Camperdown Warehouse

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  • 2020

  • Architectural
    Interior

Designed By:

  • Archer Office

Commissioned By:

Jon Christensen and Fina Christensen

Designed In:

Australia

This warehouse conversion creates a flexible three-bedroom residence within the raw concrete shell of what was once a carriage assembly factory. Each of the rooms open up onto a double height living volume that brings natural light and a sense of the outdoors deep into the interior.


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Kasia Werstak
Kasia Werstak
Kasia Werstak
Kasia Werstak
Kasia Werstak
Kasia Werstak
Kasia Werstak
Kasia Werstak
  • CHALLENGE
  • SOLUTION
  • IMPACT
  • MORE
  • Our Clients, Jon and Fina, purchased this unusual space with a vision to create something special. They recognised that its generous, industrial proportions, and noisy main road address presented a challenge but also an opportunity. A young couple, they briefed us to create a home for them that allowed the feeling of a generous apartment for two, while providing a second bedroom for friends and family to stay, and space for a home office. This brief led us to consider the potential for a new, ‘loose-fit’ apartment typology that could be readily adapted to support changing uses over time.

  • The apartment is planned around a double height interior ‘courtyard’, with all rooms opening onto this shared space. This allows the apartment to function at various times as a single generous volume, or as a series of separable compartments that offer both visual and acoustic privacy. Partitions and infills, including the glass bridge that spans across the living room, are all designed to enable the full volume of the space to remain legible. Internal partitions are glazed to bring natural light from the northern elevation deep into the plan and into the bathrooms, which in turn glow in the evening.

  • As population growth and land values increase pressure on people’s ability to live near their preferred work and lifestyle, we must consider residential models that can accommodate diverse and changing demographics. While terraces, usually built in the first instance as a row of identical dwellings, have a long tradition for allowing adaptive reuse to deliver radical diversity within the constraints of their side walls, from share housing to family homes and home offices, apartments continue to be built to prescriptive 1, 2 and 3 bedroom types. We advocate through this project for approaches that can adapt to suit changing needs.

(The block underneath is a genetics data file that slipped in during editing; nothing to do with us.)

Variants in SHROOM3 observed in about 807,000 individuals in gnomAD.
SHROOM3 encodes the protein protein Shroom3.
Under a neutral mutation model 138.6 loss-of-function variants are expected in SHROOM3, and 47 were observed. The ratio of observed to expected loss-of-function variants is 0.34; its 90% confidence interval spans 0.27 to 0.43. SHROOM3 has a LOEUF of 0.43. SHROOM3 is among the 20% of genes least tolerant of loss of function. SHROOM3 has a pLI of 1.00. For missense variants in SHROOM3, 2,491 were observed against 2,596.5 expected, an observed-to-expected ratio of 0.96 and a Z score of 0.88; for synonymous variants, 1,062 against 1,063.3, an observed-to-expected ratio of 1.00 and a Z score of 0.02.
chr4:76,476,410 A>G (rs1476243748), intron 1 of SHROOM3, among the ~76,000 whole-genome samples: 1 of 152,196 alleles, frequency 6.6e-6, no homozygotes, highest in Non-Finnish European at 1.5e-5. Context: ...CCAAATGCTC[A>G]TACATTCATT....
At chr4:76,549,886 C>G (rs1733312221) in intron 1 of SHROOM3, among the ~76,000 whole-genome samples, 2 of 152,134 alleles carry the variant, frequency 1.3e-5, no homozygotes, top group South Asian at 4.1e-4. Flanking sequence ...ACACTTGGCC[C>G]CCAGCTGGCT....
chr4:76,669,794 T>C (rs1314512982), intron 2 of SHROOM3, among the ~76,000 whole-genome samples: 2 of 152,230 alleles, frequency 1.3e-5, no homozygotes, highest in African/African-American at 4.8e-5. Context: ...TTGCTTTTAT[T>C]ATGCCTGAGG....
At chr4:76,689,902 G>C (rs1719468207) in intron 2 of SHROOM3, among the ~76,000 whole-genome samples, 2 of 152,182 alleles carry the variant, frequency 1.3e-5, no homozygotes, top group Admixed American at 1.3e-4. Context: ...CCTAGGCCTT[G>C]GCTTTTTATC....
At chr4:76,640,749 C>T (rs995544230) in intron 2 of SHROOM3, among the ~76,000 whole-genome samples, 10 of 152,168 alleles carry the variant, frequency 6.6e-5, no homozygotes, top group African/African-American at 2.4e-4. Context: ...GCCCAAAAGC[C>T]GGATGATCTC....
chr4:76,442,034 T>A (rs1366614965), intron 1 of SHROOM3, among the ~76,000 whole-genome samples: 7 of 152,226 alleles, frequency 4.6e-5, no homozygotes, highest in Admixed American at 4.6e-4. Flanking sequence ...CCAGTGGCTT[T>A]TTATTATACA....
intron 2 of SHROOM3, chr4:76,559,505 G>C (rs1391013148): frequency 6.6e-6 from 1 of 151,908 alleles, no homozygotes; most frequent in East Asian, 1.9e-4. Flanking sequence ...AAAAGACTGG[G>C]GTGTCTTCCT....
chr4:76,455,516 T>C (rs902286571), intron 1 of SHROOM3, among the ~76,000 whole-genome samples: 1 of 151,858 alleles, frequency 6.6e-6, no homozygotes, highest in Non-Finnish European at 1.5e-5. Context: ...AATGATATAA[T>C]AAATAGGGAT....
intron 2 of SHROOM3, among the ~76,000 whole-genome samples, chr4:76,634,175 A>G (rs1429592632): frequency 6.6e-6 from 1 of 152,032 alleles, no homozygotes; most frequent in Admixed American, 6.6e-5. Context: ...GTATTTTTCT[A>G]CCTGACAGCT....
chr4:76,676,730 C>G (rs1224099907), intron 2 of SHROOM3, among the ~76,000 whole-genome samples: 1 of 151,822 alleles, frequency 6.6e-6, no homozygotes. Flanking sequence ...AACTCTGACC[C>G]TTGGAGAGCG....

• This project was optimised and refined through the close collaboration of Client, architect, engineers, builder and various trades. Every element was optimised for performance to deliver a lean project to tight tolerances. The entire structure is supported from the lower floor slab. Steel ribs, and the shelving in between, all form an integral part of the supporting structure. Double joists span over the kitchen, and a 110mm thick CLT floor between stacked bedrooms (only just) delivers the required 2400mm height to each room. The design was made cost effective by considering the scope and sequencing of trades, and making use of only a few trades to deliver most of the project, particularly steel, carpentry and glazing. Following demolition, the steel contractor set up the entire framework for the project, before any other trades arrived, allowing tight control of setout. Consolidation of elements was key the maintaining efficiencies. The kitchen operates around a single large bench, also framed in steel, that consolidates all cooking and plumbing appliances, while forming a communal social hub. This 130m2 project was delivered to a lean budget of $325,000 ($2500/m2)